(Photo contributed)

Cherryville business owner overcomes the odds

After prison, Darcy Lacombe found community futures and now runs a successful landscaping business in Cherryville.

Before moving in B.C. in 2008, Darcy Lacombe did not have a fixed address. He had been incarcerated and then spent more than a decade homeless, living on the streets in Calgary.

Then, in 2009, he moved to Cherryville, a small community about 60 kilometres east of Vernon.

“When I was released from prison, I managed to use the acquired skills that I learned there, such as carpentry, to find the odd job. I basically bounced from job to job,” said Lacombe.

After moving, he was introduced to the programs Community Futures North Okanagan, which provides through WorkBC Employment Services.

Related: Community Futures North Okanagan announces new loans coordinator

Related: Longtime Community Futures facilitator retires from Vernon office

After finding out he was eligible for Community Futures North Okanagan’s Self Employment Services, Lacombe attended business workshops and received one-on-one coaching. He worked hard to create a solid concept and business plan, and applied for financial support through CFNO’s Business Loans program to get everything rolling.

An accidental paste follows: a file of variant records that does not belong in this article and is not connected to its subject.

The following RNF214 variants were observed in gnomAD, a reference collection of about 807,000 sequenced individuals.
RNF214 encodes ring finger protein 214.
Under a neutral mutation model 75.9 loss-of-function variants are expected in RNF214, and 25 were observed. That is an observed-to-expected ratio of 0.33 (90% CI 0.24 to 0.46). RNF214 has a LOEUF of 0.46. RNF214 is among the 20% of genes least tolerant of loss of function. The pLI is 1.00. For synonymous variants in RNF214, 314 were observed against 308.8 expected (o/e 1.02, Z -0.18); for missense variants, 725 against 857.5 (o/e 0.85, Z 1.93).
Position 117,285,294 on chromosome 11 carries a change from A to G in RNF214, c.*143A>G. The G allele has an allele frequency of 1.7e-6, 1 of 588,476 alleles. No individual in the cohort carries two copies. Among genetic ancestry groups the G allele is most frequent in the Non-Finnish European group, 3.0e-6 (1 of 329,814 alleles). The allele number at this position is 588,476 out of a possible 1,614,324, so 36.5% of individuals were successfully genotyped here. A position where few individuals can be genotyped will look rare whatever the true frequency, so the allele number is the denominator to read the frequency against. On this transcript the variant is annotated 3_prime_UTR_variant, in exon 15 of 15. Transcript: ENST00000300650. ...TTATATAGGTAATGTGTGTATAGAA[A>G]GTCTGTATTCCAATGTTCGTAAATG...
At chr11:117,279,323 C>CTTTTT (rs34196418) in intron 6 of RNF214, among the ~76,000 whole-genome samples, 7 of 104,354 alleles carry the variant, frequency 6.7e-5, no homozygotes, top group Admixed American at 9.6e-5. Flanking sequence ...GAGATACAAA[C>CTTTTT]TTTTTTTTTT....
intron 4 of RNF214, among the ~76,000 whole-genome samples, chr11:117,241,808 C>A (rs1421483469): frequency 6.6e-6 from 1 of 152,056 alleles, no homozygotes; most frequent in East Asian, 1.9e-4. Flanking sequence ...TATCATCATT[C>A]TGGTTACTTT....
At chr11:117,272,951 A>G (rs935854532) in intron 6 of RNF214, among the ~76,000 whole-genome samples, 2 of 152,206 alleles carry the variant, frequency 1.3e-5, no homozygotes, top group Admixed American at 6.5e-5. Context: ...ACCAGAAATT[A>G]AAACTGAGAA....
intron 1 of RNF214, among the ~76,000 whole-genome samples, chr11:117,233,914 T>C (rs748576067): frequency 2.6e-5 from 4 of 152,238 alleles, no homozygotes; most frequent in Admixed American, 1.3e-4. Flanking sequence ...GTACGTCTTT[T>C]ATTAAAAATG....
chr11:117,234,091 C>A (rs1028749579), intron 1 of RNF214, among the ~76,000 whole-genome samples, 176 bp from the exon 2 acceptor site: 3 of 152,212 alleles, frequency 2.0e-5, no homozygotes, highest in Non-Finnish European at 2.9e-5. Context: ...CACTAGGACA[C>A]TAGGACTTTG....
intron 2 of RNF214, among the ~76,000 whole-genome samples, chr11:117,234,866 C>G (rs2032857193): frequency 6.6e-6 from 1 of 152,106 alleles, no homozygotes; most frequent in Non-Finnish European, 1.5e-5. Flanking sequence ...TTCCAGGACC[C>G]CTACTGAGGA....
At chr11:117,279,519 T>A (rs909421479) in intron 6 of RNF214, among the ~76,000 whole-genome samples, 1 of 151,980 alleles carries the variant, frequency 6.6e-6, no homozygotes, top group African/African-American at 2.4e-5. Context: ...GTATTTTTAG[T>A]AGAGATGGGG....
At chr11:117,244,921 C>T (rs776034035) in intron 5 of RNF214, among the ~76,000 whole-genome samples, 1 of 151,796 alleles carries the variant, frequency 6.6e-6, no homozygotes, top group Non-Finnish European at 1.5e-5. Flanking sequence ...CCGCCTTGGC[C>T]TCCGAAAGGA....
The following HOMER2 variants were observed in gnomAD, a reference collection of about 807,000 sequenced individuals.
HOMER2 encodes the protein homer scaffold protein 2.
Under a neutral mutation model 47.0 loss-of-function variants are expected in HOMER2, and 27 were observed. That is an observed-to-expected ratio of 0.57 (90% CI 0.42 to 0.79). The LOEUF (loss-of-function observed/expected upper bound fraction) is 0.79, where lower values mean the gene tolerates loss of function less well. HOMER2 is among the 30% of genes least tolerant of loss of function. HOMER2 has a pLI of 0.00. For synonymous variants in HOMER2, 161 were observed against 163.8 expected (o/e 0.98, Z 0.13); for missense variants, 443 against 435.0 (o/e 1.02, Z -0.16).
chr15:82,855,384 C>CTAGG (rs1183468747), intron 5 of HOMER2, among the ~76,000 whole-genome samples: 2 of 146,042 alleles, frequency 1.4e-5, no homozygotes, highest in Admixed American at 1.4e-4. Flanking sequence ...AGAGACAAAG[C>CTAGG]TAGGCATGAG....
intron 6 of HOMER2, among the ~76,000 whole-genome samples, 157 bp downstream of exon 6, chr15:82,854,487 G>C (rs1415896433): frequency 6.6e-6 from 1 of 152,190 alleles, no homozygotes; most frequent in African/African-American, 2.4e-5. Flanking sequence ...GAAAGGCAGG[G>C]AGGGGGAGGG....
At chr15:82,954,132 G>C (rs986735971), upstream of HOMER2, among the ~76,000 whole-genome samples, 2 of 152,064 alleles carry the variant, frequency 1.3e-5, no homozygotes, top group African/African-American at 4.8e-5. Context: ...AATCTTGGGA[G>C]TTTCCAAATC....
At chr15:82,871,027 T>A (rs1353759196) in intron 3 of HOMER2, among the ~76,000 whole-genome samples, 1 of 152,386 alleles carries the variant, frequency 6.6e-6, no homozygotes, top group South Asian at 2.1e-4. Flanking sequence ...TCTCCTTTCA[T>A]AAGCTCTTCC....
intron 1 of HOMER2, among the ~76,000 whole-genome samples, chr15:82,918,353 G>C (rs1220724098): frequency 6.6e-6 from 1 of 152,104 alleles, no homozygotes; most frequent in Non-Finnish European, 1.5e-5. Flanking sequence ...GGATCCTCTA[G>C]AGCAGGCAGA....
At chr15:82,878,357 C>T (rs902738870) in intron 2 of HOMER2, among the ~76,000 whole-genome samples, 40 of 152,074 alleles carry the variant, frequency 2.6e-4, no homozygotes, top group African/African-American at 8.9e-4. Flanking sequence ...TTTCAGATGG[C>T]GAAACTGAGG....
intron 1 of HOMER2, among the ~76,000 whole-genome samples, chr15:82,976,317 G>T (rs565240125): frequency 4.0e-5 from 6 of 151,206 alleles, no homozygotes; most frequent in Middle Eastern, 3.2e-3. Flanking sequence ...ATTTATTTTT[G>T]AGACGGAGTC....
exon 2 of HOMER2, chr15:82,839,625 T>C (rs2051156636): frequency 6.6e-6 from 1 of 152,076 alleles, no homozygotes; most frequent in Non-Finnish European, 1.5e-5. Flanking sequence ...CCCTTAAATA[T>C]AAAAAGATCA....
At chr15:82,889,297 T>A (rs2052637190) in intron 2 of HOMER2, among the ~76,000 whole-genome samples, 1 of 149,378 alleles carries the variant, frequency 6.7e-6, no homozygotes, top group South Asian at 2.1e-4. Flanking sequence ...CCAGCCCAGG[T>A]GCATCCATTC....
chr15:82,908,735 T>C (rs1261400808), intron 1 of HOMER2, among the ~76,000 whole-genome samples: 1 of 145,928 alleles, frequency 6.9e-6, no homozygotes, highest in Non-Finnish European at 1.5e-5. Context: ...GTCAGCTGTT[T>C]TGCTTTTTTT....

Community Futures uses Lacombe as anecdotal proof that the past is not what defines your future. With a strong ambition and willingness to put in hard work, he is now an accomplished business owner.

Lacombe now owns Big Bear Landscaping, and provides a number of home and business services within a 200-kilometre radius from its headquarters in Cherryville. Big Bear’s clientele has also broadened from Cherryville to Lumby and Vernon, and other parts of the Okanagan. Services include both residential and commercial jobs.

“I found there were lots of opportunities for creating my own work,” says Lacombe. “Since we started, our work has snowballed to include everything from building retaining walls, excavating, back-filling, irrigation, aeration and planting to home improvement jobs such as dry-walling, painting, and tiling. We’re even thinking of offering snow removal and are looking to start up a small wood mill as well.”

When he’s not attending to the labour side of operations, Lacombe manages every other aspect of the business; from marketing to preparing the books.

“I learned a lot from the WorkBC Self-Employment Program. I was told by my tax preparer that they trained me well there,” he said. “I’ve come a long way and hopefully I can help turn the next guy’s life around.”

Although Lacombe has moved on from his past, he said he hasn’t forgotten it and often provides a hand where he can by giving the less fortunate work.

“I’ve worked with homeless people and have helped out at Howard House. I try to offer jobs to some of those guys as I know how hard it can be for anyone wanting to hire you when you’re down on your luck,” he said. “I’ve come a long way and hopefully I can help turn the next guy’s life around.”

Related: Enterprize challenge open for entries

Related: Multi-community job fair seeks employers and sponsors

Related: Surge in job growth drives unemployment rate down to new 40-year low

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